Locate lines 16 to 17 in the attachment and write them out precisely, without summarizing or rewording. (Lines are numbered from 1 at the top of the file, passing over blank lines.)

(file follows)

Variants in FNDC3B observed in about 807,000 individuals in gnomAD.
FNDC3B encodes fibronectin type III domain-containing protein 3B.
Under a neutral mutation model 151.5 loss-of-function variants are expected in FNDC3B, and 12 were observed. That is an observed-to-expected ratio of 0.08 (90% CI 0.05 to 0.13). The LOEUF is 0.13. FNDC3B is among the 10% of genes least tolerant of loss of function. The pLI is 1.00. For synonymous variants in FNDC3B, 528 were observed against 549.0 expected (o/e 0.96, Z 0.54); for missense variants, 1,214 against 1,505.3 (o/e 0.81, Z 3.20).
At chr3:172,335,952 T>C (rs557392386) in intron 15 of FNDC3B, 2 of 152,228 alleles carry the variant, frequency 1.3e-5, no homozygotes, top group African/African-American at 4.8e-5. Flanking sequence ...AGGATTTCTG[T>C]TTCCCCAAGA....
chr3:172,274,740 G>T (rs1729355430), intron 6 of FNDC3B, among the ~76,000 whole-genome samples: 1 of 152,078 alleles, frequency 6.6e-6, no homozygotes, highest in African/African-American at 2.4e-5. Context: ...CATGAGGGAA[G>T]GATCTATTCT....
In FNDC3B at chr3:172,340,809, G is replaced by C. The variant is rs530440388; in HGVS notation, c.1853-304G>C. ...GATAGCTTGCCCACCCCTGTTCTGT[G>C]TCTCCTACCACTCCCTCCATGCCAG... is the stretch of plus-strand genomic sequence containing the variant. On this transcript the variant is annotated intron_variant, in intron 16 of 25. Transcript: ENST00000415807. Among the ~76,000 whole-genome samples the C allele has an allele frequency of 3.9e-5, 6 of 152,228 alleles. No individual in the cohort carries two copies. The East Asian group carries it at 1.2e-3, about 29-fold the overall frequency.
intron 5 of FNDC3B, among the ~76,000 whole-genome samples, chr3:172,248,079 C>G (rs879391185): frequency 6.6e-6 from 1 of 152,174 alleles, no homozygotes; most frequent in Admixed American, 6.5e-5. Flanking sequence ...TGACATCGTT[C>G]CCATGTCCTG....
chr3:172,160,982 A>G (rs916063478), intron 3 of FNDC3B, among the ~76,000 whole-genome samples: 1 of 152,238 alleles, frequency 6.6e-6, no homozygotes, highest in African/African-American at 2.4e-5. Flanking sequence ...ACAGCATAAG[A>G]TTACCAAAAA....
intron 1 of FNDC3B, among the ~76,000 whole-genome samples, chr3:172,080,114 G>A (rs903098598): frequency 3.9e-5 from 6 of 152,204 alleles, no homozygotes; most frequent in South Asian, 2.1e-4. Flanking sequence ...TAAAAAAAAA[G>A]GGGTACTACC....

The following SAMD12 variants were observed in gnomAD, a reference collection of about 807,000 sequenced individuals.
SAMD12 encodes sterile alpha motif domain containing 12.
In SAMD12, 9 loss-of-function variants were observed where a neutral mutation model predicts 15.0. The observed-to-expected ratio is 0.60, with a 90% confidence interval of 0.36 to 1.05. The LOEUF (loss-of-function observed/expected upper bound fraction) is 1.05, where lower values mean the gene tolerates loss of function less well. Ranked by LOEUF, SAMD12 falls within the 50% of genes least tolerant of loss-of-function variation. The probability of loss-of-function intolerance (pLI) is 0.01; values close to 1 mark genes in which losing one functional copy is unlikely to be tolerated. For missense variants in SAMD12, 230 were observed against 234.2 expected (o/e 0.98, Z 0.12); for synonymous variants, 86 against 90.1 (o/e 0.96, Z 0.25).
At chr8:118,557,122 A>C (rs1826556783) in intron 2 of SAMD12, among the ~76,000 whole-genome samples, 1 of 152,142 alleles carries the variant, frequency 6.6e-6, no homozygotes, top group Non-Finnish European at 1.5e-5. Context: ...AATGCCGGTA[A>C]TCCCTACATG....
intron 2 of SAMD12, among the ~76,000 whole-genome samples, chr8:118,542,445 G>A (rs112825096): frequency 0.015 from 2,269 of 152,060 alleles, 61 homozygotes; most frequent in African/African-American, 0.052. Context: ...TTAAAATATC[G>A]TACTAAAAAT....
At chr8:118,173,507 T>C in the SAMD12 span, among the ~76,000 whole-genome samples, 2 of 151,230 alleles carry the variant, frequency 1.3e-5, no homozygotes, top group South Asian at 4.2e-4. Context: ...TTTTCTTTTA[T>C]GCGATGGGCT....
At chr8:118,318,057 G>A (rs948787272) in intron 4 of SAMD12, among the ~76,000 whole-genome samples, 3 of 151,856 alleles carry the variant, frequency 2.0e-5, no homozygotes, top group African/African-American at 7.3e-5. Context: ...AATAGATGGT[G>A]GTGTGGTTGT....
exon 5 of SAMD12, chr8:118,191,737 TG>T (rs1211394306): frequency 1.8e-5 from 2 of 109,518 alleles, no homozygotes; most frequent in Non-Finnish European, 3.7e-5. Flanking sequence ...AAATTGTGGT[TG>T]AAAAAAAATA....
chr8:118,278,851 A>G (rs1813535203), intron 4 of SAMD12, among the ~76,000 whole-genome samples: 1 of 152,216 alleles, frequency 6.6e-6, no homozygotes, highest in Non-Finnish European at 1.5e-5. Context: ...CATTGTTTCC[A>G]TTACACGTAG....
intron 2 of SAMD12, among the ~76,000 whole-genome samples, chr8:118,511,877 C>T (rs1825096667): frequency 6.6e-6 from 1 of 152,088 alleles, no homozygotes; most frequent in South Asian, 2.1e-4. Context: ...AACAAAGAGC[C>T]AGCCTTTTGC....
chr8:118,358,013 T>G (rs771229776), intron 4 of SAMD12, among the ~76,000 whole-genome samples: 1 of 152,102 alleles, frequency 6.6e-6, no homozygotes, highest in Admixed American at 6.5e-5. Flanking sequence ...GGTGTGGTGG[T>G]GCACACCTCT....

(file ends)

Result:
At chr8:118,318,057 G>A (rs948787272) in intron 4 of SAMD12, among the ~76,000 whole-genome samples, 3 of 151,856 alleles carry the variant, frequency 2.0e-5, no homozygotes, top group African/African-American at 7.3e-5. Context: ...AATAGATGGT[G>A]GTGTGGTTGT....
exon 5 of SAMD12, chr8:118,191,737 TG>T (rs1211394306): frequency 1.8e-5 from 2 of 109,518 alleles, no homozygotes; most frequent in Non-Finnish European, 3.7e-5. Flanking sequence ...AAATTGTGGT[TG>T]AAAAAAAATA....